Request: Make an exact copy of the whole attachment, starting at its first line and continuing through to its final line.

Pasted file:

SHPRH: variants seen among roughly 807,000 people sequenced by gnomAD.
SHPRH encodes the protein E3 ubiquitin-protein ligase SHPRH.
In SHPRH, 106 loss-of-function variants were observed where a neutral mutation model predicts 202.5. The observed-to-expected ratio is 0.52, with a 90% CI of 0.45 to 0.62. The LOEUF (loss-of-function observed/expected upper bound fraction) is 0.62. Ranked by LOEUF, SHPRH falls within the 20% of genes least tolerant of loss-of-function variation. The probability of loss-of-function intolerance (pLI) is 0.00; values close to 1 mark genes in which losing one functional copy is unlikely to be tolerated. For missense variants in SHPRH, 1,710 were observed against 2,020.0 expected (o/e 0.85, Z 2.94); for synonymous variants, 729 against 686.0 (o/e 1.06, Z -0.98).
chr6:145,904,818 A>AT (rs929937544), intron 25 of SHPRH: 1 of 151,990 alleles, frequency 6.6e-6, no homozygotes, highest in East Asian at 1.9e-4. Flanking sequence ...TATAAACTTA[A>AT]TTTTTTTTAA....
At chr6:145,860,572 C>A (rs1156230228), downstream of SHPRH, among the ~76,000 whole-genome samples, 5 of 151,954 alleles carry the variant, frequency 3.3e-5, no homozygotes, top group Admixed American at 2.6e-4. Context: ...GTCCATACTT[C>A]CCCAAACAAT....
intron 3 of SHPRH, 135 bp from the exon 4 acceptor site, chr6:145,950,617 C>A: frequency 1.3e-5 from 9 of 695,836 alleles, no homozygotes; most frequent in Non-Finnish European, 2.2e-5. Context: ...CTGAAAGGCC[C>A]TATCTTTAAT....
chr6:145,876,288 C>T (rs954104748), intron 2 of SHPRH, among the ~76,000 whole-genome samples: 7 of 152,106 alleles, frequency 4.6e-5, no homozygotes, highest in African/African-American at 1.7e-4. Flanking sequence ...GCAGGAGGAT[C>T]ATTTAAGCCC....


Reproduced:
SHPRH: variants seen among roughly 807,000 people sequenced by gnomAD.
SHPRH encodes the protein E3 ubiquitin-protein ligase SHPRH.
In SHPRH, 106 loss-of-function variants were observed where a neutral mutation model predicts 202.5. The observed-to-expected ratio is 0.52, with a 90% CI of 0.45 to 0.62. The LOEUF (loss-of-function observed/expected upper bound fraction) is 0.62. Ranked by LOEUF, SHPRH falls within the 20% of genes least tolerant of loss-of-function variation. The probability of loss-of-function intolerance (pLI) is 0.00; values close to 1 mark genes in which losing one functional copy is unlikely to be tolerated. For missense variants in SHPRH, 1,710 were observed against 2,020.0 expected (o/e 0.85, Z 2.94); for synonymous variants, 729 against 686.0 (o/e 1.06, Z -0.98).
chr6:145,904,818 A>AT (rs929937544), intron 25 of SHPRH: 1 of 151,990 alleles, frequency 6.6e-6, no homozygotes, highest in East Asian at 1.9e-4. Flanking sequence ...TATAAACTTA[A>AT]TTTTTTTTAA....
At chr6:145,860,572 C>A (rs1156230228), downstream of SHPRH, among the ~76,000 whole-genome samples, 5 of 151,954 alleles carry the variant, frequency 3.3e-5, no homozygotes, top group Admixed American at 2.6e-4. Context: ...GTCCATACTT[C>A]CCCAAACAAT....
intron 3 of SHPRH, 135 bp from the exon 4 acceptor site, chr6:145,950,617 C>A: frequency 1.3e-5 from 9 of 695,836 alleles, no homozygotes; most frequent in Non-Finnish European, 2.2e-5. Context: ...CTGAAAGGCC[C>A]TATCTTTAAT....
chr6:145,876,288 C>T (rs954104748), intron 2 of SHPRH, among the ~76,000 whole-genome samples: 7 of 152,106 alleles, frequency 4.6e-5, no homozygotes, highest in African/African-American at 1.7e-4. Flanking sequence ...GCAGGAGGAT[C>T]ATTTAAGCCC....